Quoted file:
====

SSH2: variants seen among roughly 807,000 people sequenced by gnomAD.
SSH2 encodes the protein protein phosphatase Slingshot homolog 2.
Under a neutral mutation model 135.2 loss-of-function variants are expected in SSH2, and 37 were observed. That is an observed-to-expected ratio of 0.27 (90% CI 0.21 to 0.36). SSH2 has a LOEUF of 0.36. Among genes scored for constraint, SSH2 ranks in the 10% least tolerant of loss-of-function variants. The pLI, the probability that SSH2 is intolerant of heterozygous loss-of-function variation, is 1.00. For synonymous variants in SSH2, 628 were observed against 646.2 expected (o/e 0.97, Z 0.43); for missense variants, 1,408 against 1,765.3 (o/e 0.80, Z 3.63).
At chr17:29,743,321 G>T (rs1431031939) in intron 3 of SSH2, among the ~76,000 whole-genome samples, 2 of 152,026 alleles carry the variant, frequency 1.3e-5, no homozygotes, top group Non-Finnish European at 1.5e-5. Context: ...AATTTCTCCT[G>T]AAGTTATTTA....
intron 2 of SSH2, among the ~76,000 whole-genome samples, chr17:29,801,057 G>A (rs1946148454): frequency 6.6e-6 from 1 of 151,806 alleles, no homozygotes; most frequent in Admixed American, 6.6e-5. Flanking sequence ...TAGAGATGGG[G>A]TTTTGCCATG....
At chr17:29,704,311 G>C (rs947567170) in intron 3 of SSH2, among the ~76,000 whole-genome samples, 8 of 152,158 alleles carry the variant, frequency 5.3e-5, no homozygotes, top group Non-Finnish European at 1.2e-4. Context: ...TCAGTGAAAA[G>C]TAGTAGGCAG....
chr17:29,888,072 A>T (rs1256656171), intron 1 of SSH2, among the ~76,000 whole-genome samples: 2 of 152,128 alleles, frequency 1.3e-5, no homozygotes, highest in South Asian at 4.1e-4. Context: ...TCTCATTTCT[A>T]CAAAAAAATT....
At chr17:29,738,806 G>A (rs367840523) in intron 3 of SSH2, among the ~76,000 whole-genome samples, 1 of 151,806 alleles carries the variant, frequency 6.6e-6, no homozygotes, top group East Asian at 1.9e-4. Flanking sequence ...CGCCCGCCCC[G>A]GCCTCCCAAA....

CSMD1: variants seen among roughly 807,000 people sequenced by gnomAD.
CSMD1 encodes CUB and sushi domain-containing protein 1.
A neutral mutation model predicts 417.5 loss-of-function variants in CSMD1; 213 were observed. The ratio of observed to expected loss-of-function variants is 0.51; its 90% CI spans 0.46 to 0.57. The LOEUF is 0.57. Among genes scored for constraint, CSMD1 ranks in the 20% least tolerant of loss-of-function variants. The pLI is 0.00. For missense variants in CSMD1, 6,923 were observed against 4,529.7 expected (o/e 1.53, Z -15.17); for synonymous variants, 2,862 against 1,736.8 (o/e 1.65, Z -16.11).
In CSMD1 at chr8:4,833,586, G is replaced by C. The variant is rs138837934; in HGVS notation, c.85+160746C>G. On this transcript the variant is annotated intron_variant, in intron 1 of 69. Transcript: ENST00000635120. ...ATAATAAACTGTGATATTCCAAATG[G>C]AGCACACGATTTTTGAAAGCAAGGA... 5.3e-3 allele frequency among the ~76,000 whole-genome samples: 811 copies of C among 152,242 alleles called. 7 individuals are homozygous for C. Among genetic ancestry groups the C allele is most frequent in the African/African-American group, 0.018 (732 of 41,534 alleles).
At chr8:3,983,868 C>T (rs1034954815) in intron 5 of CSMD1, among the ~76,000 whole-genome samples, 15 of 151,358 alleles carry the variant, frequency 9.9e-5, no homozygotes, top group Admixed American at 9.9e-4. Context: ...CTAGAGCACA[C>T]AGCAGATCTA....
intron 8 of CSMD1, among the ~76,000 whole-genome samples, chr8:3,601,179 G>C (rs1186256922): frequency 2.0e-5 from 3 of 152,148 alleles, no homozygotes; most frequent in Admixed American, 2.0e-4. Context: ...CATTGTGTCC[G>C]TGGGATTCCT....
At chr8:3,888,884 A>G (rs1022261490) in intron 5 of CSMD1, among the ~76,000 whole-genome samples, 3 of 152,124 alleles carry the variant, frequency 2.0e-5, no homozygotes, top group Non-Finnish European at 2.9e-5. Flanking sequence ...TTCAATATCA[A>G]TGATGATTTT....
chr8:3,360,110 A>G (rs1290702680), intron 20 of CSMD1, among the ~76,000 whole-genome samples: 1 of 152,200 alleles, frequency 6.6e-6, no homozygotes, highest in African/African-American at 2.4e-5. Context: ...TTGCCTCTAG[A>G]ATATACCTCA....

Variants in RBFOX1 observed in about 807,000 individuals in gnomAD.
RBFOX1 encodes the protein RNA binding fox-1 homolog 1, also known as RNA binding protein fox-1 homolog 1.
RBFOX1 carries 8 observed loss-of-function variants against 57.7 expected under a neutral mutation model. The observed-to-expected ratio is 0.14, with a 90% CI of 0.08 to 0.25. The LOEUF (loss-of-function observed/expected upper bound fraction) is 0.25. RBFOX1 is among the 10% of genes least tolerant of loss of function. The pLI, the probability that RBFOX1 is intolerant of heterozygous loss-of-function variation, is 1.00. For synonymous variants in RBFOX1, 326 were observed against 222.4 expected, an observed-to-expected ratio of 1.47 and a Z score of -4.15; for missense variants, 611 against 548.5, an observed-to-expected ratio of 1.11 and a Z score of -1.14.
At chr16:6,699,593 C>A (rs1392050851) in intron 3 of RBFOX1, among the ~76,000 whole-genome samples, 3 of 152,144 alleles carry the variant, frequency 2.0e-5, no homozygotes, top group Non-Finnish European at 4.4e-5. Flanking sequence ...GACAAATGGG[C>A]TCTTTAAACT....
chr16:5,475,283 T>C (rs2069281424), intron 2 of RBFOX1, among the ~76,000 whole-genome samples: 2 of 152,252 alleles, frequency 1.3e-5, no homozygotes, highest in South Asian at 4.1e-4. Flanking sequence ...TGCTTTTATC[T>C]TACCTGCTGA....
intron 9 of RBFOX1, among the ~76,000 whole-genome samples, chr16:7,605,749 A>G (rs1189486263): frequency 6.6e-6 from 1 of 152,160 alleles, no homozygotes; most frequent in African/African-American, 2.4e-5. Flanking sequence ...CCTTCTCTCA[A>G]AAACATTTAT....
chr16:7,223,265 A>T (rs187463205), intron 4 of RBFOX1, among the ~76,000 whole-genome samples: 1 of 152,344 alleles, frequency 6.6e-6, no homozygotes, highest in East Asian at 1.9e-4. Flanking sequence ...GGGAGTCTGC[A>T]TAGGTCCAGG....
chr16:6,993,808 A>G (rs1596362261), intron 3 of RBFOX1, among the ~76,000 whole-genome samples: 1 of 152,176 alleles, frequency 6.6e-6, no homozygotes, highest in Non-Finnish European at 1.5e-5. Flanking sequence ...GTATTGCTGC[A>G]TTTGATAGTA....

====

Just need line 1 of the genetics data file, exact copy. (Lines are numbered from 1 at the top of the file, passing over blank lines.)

SSH2: variants seen among roughly 807,000 people sequenced by gnomAD.